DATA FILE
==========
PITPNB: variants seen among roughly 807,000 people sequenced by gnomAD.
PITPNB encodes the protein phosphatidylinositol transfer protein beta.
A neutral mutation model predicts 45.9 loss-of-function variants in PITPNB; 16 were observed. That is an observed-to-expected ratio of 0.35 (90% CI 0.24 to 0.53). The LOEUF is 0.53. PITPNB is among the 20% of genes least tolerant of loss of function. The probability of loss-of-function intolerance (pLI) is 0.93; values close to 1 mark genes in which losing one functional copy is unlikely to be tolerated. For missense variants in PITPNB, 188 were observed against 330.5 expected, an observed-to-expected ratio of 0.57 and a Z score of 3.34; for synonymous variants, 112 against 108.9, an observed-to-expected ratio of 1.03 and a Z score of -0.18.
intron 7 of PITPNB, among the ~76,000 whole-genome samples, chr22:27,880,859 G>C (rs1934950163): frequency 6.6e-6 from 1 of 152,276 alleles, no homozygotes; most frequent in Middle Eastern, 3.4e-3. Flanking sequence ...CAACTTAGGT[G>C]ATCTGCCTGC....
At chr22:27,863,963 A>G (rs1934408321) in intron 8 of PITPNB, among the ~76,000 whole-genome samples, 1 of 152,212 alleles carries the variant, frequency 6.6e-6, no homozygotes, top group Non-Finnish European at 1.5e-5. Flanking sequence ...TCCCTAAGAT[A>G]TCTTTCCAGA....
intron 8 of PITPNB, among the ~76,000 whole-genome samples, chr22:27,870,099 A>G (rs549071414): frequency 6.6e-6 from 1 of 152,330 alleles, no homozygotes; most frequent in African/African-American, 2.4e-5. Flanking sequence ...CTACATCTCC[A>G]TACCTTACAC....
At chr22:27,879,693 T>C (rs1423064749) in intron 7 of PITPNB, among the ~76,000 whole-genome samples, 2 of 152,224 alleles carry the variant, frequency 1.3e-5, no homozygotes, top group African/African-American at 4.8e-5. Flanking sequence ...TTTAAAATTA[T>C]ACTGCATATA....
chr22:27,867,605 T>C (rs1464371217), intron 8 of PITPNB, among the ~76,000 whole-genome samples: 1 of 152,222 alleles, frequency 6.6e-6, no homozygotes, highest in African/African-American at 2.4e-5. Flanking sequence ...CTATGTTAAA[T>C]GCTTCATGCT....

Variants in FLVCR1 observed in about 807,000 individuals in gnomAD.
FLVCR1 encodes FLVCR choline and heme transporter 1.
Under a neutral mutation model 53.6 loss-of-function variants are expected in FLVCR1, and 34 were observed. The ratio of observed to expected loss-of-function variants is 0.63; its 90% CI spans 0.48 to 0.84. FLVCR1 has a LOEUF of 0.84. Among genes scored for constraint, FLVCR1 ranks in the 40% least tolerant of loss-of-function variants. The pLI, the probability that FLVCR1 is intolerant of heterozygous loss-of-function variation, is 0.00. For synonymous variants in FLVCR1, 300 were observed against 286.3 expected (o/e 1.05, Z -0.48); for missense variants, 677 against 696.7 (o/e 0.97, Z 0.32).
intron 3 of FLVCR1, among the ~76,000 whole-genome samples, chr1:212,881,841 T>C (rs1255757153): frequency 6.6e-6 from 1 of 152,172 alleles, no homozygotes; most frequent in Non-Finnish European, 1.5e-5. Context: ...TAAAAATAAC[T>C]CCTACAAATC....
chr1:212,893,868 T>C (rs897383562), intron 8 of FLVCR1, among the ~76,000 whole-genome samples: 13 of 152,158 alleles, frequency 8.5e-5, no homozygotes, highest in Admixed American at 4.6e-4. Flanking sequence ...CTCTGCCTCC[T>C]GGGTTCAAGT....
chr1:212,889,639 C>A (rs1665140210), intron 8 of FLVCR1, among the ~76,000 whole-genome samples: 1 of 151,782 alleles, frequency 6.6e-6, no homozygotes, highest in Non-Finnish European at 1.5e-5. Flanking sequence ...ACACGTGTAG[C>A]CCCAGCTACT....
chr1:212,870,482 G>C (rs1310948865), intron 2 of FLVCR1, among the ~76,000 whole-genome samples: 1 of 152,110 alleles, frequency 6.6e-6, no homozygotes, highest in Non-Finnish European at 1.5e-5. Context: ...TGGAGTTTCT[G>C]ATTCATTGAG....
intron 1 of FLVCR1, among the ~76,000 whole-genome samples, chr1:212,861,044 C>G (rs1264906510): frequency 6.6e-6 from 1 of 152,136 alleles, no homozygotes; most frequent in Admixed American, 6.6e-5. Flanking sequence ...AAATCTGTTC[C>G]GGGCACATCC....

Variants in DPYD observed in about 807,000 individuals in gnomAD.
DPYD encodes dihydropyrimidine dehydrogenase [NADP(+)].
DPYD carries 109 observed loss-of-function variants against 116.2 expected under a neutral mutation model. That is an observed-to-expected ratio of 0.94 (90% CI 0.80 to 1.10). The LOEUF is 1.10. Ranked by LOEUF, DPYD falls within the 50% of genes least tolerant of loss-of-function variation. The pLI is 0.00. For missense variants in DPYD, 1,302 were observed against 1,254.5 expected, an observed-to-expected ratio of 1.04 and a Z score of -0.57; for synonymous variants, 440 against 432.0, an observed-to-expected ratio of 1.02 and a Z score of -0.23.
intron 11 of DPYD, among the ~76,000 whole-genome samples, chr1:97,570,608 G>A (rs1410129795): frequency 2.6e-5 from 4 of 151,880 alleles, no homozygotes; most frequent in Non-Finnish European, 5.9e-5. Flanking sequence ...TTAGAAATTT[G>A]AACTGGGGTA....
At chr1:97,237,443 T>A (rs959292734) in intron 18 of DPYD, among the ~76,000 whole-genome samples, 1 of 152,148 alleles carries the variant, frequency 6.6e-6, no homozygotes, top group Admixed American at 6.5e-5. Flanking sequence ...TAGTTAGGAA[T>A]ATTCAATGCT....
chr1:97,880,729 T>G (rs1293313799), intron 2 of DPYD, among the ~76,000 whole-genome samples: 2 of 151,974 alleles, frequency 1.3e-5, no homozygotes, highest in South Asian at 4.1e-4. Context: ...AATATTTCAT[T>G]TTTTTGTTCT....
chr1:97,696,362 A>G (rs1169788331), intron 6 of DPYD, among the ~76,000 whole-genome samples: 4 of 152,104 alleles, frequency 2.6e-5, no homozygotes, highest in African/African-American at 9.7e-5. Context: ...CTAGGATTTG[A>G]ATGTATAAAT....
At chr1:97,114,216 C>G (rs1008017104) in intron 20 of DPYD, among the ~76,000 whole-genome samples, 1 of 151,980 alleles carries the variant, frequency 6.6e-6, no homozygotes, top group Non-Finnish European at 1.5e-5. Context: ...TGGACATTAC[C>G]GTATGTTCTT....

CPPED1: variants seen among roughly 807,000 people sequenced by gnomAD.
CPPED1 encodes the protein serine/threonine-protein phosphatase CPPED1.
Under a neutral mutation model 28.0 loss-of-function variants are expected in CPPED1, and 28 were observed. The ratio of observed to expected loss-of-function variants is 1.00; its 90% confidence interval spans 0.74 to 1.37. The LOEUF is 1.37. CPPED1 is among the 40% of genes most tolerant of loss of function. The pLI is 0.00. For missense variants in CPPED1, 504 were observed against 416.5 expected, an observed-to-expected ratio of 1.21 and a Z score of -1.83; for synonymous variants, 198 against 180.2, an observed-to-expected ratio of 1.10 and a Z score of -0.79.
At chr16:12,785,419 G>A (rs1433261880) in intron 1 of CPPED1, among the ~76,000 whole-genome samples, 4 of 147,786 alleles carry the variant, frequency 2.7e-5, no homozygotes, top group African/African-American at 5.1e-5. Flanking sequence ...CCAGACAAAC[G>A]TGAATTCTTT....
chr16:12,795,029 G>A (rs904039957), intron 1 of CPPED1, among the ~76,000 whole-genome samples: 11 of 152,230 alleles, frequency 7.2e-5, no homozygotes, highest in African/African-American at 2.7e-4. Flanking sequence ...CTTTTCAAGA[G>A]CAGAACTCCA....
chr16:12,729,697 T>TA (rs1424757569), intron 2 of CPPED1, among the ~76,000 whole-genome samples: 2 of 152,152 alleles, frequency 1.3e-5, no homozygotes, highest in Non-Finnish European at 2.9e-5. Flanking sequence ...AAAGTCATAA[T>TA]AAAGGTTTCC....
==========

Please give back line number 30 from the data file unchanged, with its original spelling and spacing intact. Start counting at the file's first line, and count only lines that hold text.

chr16:12,729,697 T>TA (rs1424757569), intron 2 of CPPED1, among the ~76,000 whole-genome samples: 2 of 152,152 alleles, frequency 1.3e-5, no homozygotes, highest in Non-Finnish European at 2.9e-5. Flanking sequence ...AAAGTCATAA[T>TA]AAAGGTTTCC....